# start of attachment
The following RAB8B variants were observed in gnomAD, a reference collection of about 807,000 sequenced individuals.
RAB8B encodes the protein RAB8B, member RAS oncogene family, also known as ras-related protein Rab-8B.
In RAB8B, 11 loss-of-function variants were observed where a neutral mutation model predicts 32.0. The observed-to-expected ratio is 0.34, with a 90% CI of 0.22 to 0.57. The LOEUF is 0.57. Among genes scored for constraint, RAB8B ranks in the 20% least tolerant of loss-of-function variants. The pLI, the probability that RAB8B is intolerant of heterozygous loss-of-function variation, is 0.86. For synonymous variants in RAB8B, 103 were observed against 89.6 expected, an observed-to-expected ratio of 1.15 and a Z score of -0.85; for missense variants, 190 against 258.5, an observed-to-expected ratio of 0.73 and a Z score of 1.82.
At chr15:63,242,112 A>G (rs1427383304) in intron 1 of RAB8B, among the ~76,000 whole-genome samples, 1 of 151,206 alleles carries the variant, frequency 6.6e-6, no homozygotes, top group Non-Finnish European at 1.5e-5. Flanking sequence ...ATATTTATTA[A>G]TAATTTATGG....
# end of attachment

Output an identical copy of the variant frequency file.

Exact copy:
The following RAB8B variants were observed in gnomAD, a reference collection of about 807,000 sequenced individuals.
RAB8B encodes the protein RAB8B, member RAS oncogene family, also known as ras-related protein Rab-8B.
In RAB8B, 11 loss-of-function variants were observed where a neutral mutation model predicts 32.0. The observed-to-expected ratio is 0.34, with a 90% CI of 0.22 to 0.57. The LOEUF is 0.57. Among genes scored for constraint, RAB8B ranks in the 20% least tolerant of loss-of-function variants. The pLI, the probability that RAB8B is intolerant of heterozygous loss-of-function variation, is 0.86. For synonymous variants in RAB8B, 103 were observed against 89.6 expected, an observed-to-expected ratio of 1.15 and a Z score of -0.85; for missense variants, 190 against 258.5, an observed-to-expected ratio of 0.73 and a Z score of 1.82.
At chr15:63,242,112 A>G (rs1427383304) in intron 1 of RAB8B, among the ~76,000 whole-genome samples, 1 of 151,206 alleles carries the variant, frequency 6.6e-6, no homozygotes, top group Non-Finnish European at 1.5e-5. Flanking sequence ...ATATTTATTA[A>G]TAATTTATGG....